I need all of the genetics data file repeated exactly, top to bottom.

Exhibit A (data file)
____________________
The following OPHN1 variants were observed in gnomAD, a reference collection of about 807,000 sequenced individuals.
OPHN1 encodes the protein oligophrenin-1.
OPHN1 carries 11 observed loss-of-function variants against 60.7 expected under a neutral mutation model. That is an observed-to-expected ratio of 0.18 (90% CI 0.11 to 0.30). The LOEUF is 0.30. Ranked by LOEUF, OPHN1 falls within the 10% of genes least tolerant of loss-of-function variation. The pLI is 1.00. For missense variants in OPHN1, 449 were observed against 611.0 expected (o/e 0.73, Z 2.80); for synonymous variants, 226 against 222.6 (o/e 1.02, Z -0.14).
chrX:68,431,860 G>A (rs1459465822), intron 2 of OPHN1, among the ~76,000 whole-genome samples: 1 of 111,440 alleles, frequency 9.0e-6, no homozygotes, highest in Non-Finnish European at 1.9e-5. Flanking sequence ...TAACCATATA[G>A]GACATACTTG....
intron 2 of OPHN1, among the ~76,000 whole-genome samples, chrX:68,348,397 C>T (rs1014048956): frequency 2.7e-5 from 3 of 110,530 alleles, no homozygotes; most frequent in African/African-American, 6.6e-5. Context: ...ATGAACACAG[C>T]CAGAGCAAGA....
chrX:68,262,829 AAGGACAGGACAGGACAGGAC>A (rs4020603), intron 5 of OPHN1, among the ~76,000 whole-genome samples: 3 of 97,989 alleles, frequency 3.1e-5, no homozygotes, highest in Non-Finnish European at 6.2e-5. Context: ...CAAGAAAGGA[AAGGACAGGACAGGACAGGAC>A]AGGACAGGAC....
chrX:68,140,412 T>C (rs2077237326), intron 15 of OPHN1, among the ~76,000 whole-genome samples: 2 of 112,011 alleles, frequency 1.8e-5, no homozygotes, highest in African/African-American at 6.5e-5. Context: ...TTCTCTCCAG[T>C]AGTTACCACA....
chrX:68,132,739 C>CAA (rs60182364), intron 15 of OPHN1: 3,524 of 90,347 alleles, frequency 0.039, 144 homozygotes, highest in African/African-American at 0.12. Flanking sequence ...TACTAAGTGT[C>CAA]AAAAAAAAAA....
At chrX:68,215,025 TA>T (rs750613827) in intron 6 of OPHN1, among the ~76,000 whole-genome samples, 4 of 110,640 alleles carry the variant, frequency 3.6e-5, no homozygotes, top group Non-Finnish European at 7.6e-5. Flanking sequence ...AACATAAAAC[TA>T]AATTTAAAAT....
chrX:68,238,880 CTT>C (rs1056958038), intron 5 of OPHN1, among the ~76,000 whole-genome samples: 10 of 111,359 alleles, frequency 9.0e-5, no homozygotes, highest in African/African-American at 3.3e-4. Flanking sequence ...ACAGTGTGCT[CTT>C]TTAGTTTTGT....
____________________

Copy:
The following OPHN1 variants were observed in gnomAD, a reference collection of about 807,000 sequenced individuals.
OPHN1 encodes the protein oligophrenin-1.
OPHN1 carries 11 observed loss-of-function variants against 60.7 expected under a neutral mutation model. That is an observed-to-expected ratio of 0.18 (90% CI 0.11 to 0.30). The LOEUF is 0.30. Ranked by LOEUF, OPHN1 falls within the 10% of genes least tolerant of loss-of-function variation. The pLI is 1.00. For missense variants in OPHN1, 449 were observed against 611.0 expected (o/e 0.73, Z 2.80); for synonymous variants, 226 against 222.6 (o/e 1.02, Z -0.14).
chrX:68,431,860 G>A (rs1459465822), intron 2 of OPHN1, among the ~76,000 whole-genome samples: 1 of 111,440 alleles, frequency 9.0e-6, no homozygotes, highest in Non-Finnish European at 1.9e-5. Flanking sequence ...TAACCATATA[G>A]GACATACTTG....
intron 2 of OPHN1, among the ~76,000 whole-genome samples, chrX:68,348,397 C>T (rs1014048956): frequency 2.7e-5 from 3 of 110,530 alleles, no homozygotes; most frequent in African/African-American, 6.6e-5. Context: ...ATGAACACAG[C>T]CAGAGCAAGA....
chrX:68,262,829 AAGGACAGGACAGGACAGGAC>A (rs4020603), intron 5 of OPHN1, among the ~76,000 whole-genome samples: 3 of 97,989 alleles, frequency 3.1e-5, no homozygotes, highest in Non-Finnish European at 6.2e-5. Context: ...CAAGAAAGGA[AAGGACAGGACAGGACAGGAC>A]AGGACAGGAC....
chrX:68,140,412 T>C (rs2077237326), intron 15 of OPHN1, among the ~76,000 whole-genome samples: 2 of 112,011 alleles, frequency 1.8e-5, no homozygotes, highest in African/African-American at 6.5e-5. Context: ...TTCTCTCCAG[T>C]AGTTACCACA....
chrX:68,132,739 C>CAA (rs60182364), intron 15 of OPHN1: 3,524 of 90,347 alleles, frequency 0.039, 144 homozygotes, highest in African/African-American at 0.12. Flanking sequence ...TACTAAGTGT[C>CAA]AAAAAAAAAA....
At chrX:68,215,025 TA>T (rs750613827) in intron 6 of OPHN1, among the ~76,000 whole-genome samples, 4 of 110,640 alleles carry the variant, frequency 3.6e-5, no homozygotes, top group Non-Finnish European at 7.6e-5. Flanking sequence ...AACATAAAAC[TA>T]AATTTAAAAT....
chrX:68,238,880 CTT>C (rs1056958038), intron 5 of OPHN1, among the ~76,000 whole-genome samples: 10 of 111,359 alleles, frequency 9.0e-5, no homozygotes, highest in African/African-American at 3.3e-4. Flanking sequence ...ACAGTGTGCT[CTT>C]TTAGTTTTGT....